In data-heavy economy, breaches unlikely to end

Every system is hackable, and a thief can often scoop up information undetected for months or even years.

THE ATLANTA JOURNAL-CONSTITUTIONJanuary 30, 2014 

Target, Neiman Marcus and now three other national retailers (yet to be named) have reportedly lost customers’ personal data. The Target breach alone compromised the data of as many as 110 million Americans — roughly one of every three people in the country.

The recent cascade of scams is an unwanted manifestation of the technology we carry in our pockets, the business we conduct online and the ever-growing array of devices, merchants, service providers and agencies we entrust with pieces of our identity.

Think of how often you swipe your card at a counter, fill out an online form, or even enter your user name and password into a website: You share information that thieves are itching to get their hands on each time.

In 2012, the latest year for which widely accepted statistics are available, 621 confirmed data breaches compromised 44 million individual records. That’s according to Verizon’s annual Data Breach Investigation Report, considered by many to be the definitive measure of data intrusions in the industry.

Even that is not a comprehensive figure: It’s limited by the number of organizations that participate, a roster that includes outfits as diverse as Deloitte and the U.S. Department of Homeland Security.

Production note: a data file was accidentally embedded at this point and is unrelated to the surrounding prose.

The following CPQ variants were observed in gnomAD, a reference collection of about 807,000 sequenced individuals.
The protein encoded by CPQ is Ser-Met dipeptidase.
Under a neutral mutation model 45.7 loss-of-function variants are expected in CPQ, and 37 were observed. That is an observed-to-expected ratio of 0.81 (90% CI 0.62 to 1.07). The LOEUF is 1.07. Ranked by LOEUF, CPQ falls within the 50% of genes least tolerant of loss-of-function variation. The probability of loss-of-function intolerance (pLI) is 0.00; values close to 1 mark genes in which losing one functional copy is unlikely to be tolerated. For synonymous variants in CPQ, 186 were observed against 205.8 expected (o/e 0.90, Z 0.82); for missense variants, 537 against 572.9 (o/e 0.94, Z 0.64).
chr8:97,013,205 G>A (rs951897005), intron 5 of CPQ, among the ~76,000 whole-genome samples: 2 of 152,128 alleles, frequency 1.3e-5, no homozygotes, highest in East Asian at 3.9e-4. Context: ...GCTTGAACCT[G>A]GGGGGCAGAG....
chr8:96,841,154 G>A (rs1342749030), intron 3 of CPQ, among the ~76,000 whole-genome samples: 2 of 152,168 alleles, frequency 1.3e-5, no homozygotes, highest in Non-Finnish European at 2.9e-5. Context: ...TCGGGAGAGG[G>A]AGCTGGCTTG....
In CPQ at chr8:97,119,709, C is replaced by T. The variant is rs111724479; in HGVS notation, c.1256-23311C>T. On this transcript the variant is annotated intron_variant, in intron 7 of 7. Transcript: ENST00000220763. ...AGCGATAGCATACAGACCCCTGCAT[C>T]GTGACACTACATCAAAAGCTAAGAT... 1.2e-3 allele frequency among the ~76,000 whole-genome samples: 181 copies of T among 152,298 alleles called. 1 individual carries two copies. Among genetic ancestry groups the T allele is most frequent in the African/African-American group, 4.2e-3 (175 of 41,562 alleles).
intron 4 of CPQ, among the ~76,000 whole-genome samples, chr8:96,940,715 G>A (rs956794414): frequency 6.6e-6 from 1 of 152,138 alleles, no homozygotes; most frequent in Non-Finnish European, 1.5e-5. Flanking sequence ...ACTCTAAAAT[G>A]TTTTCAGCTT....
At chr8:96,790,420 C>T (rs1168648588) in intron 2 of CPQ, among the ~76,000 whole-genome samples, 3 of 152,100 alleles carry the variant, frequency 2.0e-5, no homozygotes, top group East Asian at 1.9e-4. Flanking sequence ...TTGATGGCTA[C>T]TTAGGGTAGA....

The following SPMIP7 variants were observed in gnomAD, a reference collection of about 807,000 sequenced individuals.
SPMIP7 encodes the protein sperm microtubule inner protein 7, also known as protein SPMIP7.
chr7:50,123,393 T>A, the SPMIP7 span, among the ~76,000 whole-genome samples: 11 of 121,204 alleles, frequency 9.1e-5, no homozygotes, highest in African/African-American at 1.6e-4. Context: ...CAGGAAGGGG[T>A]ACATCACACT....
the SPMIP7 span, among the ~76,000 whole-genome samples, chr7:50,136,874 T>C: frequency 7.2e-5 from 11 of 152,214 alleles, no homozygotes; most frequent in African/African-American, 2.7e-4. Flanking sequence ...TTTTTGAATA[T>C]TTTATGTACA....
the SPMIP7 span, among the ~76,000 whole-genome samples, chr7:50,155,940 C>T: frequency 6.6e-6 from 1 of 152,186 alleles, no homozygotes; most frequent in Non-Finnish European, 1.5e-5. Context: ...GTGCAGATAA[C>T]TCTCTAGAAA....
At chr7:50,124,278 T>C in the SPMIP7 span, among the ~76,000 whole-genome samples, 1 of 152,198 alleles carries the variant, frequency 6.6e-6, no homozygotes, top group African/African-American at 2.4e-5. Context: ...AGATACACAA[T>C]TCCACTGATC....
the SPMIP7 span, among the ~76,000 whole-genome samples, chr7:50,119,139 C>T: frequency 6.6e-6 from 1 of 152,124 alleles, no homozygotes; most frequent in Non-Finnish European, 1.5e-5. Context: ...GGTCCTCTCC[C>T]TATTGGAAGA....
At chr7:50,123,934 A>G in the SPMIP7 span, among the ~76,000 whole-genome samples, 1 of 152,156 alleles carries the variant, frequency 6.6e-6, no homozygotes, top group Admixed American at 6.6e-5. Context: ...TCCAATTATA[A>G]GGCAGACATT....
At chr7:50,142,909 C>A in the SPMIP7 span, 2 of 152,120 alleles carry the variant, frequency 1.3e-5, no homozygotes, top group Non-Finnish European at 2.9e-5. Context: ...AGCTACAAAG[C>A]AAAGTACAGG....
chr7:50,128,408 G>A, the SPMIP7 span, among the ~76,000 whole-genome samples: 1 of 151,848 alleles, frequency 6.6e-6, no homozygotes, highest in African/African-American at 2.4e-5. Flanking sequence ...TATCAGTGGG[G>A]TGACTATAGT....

Because the number of participants changes constantly, it’s also impossible to compare year-over-year stats. Thus there’s no way to confirm the widespread perception that the number of breaches is growing.

But other firms that tally breaches put the number even higher.

Among veterans of the information security wars, it’s widely assumed that “100 percent” of Fortune 500 companies have been hacked at some point, said Robert Lee, a security business partner at Intuit.

Even scarier: “It’s very difficult to get a hacker out of your environment once they have a foothold,” Lee said.

The beauty of being a hacker is that you only have to exploit one weakness. The problem of being in IT is that you have to protect against all potential attacks. And the points of attack just keep growing as more of our lives occur in cyberspace.

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